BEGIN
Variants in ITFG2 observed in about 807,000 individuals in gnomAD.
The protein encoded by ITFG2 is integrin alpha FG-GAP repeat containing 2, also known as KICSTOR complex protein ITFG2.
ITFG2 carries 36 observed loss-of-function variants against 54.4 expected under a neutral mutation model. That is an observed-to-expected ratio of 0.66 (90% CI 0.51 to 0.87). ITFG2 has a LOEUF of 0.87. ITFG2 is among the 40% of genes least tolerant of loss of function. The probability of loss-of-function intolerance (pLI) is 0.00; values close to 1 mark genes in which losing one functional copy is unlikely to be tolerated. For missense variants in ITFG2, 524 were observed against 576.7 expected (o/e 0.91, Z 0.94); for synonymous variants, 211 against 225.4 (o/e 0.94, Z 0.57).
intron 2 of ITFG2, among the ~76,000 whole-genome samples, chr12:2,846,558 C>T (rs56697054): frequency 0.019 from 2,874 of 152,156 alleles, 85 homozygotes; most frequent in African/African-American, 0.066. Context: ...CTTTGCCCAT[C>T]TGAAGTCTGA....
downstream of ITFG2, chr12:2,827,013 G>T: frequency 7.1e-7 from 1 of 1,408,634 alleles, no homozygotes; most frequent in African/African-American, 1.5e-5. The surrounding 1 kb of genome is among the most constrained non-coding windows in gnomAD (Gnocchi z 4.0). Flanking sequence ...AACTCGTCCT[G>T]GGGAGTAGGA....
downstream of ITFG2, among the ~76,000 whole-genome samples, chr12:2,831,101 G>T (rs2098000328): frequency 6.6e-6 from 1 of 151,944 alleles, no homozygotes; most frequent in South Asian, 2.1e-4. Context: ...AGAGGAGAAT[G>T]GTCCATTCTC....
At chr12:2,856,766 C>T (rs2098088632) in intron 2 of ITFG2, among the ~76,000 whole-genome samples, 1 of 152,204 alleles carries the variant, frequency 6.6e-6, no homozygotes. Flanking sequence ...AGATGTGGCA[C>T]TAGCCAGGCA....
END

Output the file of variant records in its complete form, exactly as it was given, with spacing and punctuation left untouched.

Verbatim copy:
Variants in ITFG2 observed in about 807,000 individuals in gnomAD.
The protein encoded by ITFG2 is integrin alpha FG-GAP repeat containing 2, also known as KICSTOR complex protein ITFG2.
ITFG2 carries 36 observed loss-of-function variants against 54.4 expected under a neutral mutation model. That is an observed-to-expected ratio of 0.66 (90% CI 0.51 to 0.87). ITFG2 has a LOEUF of 0.87. ITFG2 is among the 40% of genes least tolerant of loss of function. The probability of loss-of-function intolerance (pLI) is 0.00; values close to 1 mark genes in which losing one functional copy is unlikely to be tolerated. For missense variants in ITFG2, 524 were observed against 576.7 expected (o/e 0.91, Z 0.94); for synonymous variants, 211 against 225.4 (o/e 0.94, Z 0.57).
intron 2 of ITFG2, among the ~76,000 whole-genome samples, chr12:2,846,558 C>T (rs56697054): frequency 0.019 from 2,874 of 152,156 alleles, 85 homozygotes; most frequent in African/African-American, 0.066. Context: ...CTTTGCCCAT[C>T]TGAAGTCTGA....
downstream of ITFG2, chr12:2,827,013 G>T: frequency 7.1e-7 from 1 of 1,408,634 alleles, no homozygotes; most frequent in African/African-American, 1.5e-5. The surrounding 1 kb of genome is among the most constrained non-coding windows in gnomAD (Gnocchi z 4.0). Flanking sequence ...AACTCGTCCT[G>T]GGGAGTAGGA....
downstream of ITFG2, among the ~76,000 whole-genome samples, chr12:2,831,101 G>T (rs2098000328): frequency 6.6e-6 from 1 of 151,944 alleles, no homozygotes; most frequent in South Asian, 2.1e-4. Context: ...AGAGGAGAAT[G>T]GTCCATTCTC....
At chr12:2,856,766 C>T (rs2098088632) in intron 2 of ITFG2, among the ~76,000 whole-genome samples, 1 of 152,204 alleles carries the variant, frequency 6.6e-6, no homozygotes. Flanking sequence ...AGATGTGGCA[C>T]TAGCCAGGCA....